Oshawa is the last stop on the GO train east from Toronto, 60km -- in theory. I’m sure there are many ace sportsmen who zip back and forth (terrifying walkers), but I’ve never met anyone who tried to do it. Undaunted, I packed my lunch, gathered my pump etc, and aimed for the 8:13 train.

With the new bike craze, there are bike lanes popping up where you least expect them. University Ave, Toronto’s stately boulevard of banks, the US consulate, the Ontario legislature (in that order of importance) now has a spiffy bright designated lane, and a trip down past spooky silent skyscrapers on an early Saturday morning was now a delight. Leisurely pedaling among the monolithsI felt like I owned this concrete paradise, not TD et al.

The mask paranoia is irritating, constant loudspeaker exhortations, but I have a mask permanently in my outdoors trousers. The new PRESTO electronic payment requiring juggling with wallet and bike, and remembering to tap in and out, also a new learned behaviour. Every day a new card, number, password… Getting out first demands playing the robot in our virtual reality, a kind of baptism by the ‘reality’ we live in without realizing how degraded our lives have become.

Only two other cyclists got off at Oshawa, and they had no idea where the trail was. Nor the next two people. Finally, I moved off and found a garage open and asked two young guys who looked enviously at my expedition in progress.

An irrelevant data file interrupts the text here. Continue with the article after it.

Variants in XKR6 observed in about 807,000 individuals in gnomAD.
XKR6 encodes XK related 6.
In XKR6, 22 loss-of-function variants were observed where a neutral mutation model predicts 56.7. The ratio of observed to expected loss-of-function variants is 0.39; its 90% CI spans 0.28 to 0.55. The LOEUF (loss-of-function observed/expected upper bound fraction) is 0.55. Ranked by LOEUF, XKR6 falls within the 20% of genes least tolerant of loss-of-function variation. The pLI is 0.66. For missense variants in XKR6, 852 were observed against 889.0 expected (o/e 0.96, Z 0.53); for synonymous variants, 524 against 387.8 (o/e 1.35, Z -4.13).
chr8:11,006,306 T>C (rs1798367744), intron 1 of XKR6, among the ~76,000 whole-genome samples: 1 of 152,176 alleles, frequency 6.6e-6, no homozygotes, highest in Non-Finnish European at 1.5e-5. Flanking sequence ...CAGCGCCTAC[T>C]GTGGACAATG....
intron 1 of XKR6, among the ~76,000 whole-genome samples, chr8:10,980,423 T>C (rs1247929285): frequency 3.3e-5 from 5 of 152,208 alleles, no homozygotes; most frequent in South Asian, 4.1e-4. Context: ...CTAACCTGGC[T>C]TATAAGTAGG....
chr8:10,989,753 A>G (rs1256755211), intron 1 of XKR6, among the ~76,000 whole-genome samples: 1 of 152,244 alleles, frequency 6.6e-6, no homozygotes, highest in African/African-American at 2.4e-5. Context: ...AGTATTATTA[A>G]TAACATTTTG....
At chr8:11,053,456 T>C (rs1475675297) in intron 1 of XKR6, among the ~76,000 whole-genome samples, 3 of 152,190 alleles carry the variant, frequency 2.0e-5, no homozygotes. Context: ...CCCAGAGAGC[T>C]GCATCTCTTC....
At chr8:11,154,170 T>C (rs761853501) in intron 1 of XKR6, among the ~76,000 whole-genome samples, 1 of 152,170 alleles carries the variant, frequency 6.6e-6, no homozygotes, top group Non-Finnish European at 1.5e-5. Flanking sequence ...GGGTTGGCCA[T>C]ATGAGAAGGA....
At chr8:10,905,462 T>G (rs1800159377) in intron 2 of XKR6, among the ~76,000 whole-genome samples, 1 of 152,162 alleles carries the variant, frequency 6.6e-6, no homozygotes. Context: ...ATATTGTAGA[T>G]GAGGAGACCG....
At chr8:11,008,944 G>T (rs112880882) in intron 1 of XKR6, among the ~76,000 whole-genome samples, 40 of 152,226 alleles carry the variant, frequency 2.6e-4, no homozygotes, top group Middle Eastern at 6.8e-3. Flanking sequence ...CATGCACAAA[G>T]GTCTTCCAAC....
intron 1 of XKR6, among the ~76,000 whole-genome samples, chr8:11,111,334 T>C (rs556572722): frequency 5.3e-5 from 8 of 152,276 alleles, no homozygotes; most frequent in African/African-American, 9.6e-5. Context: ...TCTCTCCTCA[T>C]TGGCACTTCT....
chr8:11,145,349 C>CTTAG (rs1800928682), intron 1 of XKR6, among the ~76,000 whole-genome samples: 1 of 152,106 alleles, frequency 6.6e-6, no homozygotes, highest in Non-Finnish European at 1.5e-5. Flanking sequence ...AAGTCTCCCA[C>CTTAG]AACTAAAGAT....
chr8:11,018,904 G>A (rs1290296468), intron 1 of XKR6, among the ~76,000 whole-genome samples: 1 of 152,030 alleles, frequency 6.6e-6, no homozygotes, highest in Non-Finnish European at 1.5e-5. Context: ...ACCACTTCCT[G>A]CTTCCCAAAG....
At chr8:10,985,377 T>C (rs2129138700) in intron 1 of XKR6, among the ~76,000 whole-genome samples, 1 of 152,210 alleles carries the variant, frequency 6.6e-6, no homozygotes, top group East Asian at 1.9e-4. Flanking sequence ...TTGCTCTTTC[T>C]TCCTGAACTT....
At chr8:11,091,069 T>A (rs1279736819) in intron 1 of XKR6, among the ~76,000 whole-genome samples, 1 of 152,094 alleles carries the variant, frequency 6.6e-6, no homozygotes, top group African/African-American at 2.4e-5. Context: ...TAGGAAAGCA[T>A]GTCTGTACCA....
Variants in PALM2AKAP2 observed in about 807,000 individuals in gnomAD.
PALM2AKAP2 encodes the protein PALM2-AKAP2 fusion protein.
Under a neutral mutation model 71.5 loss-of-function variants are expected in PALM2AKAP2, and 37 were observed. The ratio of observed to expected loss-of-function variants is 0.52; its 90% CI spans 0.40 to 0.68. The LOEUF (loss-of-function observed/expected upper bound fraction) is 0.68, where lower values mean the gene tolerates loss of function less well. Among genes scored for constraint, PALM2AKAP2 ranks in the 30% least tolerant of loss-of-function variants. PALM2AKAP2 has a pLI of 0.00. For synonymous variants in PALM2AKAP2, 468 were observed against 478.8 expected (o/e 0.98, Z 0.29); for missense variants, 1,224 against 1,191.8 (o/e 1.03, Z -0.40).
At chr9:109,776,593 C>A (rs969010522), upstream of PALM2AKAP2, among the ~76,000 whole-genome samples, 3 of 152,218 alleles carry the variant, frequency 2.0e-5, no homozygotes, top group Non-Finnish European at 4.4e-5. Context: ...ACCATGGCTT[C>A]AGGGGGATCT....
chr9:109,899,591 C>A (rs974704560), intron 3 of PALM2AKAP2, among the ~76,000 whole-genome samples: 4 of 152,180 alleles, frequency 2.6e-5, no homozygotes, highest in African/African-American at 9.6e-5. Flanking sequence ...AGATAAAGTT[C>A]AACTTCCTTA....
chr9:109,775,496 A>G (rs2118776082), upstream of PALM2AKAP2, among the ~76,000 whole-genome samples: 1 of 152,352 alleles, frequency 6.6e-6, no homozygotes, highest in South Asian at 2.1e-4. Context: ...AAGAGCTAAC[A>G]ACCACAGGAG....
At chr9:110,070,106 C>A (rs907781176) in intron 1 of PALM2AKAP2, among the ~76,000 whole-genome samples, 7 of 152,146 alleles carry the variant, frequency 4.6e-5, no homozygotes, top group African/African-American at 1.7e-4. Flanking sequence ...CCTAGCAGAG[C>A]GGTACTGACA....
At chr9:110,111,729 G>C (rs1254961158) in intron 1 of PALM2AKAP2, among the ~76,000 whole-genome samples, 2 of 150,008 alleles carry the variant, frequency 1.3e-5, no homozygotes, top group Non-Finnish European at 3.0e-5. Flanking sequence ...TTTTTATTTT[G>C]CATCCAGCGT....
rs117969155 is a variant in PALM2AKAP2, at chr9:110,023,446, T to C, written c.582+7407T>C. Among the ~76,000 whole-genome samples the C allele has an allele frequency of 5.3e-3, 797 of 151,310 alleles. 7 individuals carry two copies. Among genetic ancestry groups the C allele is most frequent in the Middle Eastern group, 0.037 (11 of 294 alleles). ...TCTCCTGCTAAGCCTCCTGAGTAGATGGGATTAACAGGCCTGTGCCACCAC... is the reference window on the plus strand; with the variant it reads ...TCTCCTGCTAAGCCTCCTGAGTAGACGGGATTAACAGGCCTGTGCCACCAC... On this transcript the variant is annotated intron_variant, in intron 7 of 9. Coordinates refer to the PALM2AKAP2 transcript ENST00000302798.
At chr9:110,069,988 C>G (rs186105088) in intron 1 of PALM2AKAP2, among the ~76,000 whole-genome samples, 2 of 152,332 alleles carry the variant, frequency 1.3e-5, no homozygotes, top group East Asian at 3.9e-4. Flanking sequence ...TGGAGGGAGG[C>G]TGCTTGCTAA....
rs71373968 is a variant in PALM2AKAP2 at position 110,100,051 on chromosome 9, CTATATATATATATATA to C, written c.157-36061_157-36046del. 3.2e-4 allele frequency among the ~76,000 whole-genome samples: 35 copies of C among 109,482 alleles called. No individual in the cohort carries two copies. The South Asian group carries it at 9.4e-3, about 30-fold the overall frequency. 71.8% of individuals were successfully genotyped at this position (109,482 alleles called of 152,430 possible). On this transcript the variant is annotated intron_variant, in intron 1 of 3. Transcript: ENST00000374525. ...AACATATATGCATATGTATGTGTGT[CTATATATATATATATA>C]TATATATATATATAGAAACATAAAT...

The sun and brilliant greens and yellows shouted out ‘I am the real REAL. Welcome.’ Like after a summer downpour, all those computer cobwebs washed away. As the trail opened up in a meadow, a big fluffy brown rabbit passed on his own greeting. 

Looking up, there was the moon, waning Gibbous phase, offering hers. I was determined to watch it till it was swallowed up by the sun’s light, never reaching the horizon. It led me westward hanging lower, swelling and becoming sickly pale. After an hour, I stopped to wait it out, looked up, and it was gone! Ms Moon had the last laugh on me.

Photo AstroBob

Onward to a rustic boardwalk and sand beach. I stopped to do wudu though it was probably only 11am, waded out for a bit, then walked barefoot on the smooth board causeway, as if I was walking across my living room. ‘Thanks for walking,’ said a lovely, blonde woman suddenly. 

Of course, walkers really don’t like us cyclists much. Whizzing past without a howdy-do. The point of my expedition was not speed (though there were lots of fun twisty hills). ‘Yes,’ I replied. ‘Why rush over this beautiful marsh? The boards are fun to walk on.’ As I continued, a lovely black woman smiled in approval. Suddenly I’m Mr Peacemaker. I empathize with walkers (for the most part), knowing myself what it’s like to have a beefy truck push me aside to make his right turn.